December 02, 2003

Citizen’s Journalism

Good journalism doesn’t need to be complicated, sophisticated or expensive.

The Brownsville Herald, a 15,800-circulation daily in deep Texas, sent out a few reporters to ask local police and city commissions for various public records such as police logs or expense reports. The result: Runaround, hostility and ignorance by public officials and, in one case, a police car that tailed report Juan Ozuna for more than 20 minutes after he left city hall in Santa Rosa, Texas.

Here’s an excerpt:

Later in Brownsville, I went to another Cameron County detention center. There I asked the receptionist if I could see the jail log. The receptionist told me that it is not public information.

I told her that the records are public in all counties in Texas, but she said that I needed to speak with the lieutenant. She called him and told him in Spanish to come out front because there was a girl saying the logs were public record.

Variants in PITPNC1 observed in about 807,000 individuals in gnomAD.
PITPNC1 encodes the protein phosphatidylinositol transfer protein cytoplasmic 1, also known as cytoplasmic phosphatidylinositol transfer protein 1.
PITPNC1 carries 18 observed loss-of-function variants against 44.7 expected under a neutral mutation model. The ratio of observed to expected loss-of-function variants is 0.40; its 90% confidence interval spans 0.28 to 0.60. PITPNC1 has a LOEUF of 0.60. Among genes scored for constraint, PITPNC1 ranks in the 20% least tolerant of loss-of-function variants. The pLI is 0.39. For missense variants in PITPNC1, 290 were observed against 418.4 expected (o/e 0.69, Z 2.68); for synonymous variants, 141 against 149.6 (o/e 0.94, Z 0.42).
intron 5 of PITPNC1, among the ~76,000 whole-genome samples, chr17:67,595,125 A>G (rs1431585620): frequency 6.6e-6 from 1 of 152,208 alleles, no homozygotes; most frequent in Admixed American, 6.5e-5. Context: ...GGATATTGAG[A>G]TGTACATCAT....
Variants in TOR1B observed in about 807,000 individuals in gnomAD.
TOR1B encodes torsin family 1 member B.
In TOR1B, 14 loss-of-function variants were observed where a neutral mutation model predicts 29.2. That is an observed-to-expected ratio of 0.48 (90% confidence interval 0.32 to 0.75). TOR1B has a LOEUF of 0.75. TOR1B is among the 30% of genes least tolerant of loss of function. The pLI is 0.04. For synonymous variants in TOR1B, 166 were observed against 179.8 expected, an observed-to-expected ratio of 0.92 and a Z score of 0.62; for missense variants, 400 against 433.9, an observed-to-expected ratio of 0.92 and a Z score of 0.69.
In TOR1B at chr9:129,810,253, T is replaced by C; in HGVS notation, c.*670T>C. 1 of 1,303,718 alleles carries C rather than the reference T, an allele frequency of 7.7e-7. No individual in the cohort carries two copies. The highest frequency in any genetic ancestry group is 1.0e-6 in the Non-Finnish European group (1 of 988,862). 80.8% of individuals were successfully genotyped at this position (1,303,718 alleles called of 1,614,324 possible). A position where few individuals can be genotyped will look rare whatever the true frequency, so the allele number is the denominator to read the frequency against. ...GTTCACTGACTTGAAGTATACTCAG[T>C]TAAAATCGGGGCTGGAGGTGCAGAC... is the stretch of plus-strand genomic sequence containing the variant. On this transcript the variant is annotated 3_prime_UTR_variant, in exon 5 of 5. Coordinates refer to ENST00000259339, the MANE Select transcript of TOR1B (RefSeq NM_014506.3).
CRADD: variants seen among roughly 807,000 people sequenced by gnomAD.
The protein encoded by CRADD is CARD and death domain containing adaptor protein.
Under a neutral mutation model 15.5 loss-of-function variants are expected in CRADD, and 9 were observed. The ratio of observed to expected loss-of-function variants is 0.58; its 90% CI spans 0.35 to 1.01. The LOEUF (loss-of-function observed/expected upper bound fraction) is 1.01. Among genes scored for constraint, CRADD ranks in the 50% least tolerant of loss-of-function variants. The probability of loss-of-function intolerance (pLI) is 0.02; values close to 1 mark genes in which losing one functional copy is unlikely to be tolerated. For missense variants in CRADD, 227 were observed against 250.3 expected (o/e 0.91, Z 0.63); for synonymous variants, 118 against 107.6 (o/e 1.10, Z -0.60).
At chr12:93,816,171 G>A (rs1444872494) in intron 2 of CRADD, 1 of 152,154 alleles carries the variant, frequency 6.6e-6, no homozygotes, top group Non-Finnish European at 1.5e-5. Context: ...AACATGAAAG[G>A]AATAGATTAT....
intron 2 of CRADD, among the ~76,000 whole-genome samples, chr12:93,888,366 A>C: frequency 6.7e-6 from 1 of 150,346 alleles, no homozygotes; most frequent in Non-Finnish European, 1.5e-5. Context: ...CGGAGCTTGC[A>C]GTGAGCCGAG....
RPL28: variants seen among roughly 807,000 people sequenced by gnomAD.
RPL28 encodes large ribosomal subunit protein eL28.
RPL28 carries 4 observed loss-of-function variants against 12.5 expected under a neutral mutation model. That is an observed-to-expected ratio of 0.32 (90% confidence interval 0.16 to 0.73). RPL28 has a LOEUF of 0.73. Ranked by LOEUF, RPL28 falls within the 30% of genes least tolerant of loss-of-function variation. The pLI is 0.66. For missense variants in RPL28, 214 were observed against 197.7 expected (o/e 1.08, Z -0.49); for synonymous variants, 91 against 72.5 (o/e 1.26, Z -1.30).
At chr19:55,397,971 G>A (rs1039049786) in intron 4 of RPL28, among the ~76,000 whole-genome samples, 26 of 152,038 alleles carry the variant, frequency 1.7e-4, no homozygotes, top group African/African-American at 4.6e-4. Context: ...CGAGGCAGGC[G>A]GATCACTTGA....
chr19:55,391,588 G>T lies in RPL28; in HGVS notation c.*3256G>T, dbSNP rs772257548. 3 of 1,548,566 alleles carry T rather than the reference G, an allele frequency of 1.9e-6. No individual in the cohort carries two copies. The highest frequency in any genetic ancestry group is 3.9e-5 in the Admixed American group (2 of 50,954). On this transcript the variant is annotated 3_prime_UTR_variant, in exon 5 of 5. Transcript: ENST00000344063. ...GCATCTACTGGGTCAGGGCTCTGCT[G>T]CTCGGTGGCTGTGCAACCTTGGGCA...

The lieutenant asked me what I wanted to see and why. I said it was public record and that any citizen is entitled to see the record. He asked if I wanted information about a specific name because he could give me some information. I said I just wanted to see the log.

Then he proceeded to ask, “Where do you live? What do you want with this information? What’s your address?”

I love this type of journalism. It resonates with truth. It conveys with direct honesty the frustrations of everyday experiences citizens undergo when dealing with government and bureaucracies – and by doing so connects with the public.

Update: Editor & Publisher reports that "many journalists who try to use the FOIA encounter roadblocks and bureaucratic red tape that often keeps their requests from being fulfilled for years, if at all.

 Brownsville Herald The pitfalls of obtaining public information
 Editor & Publisher Reporters Face Lengthy FOIA Delays

Posted by Tim Porter at December 2, 2003 07:51 AM


Posted by: Jozef on December 4, 2003 05:34 AM
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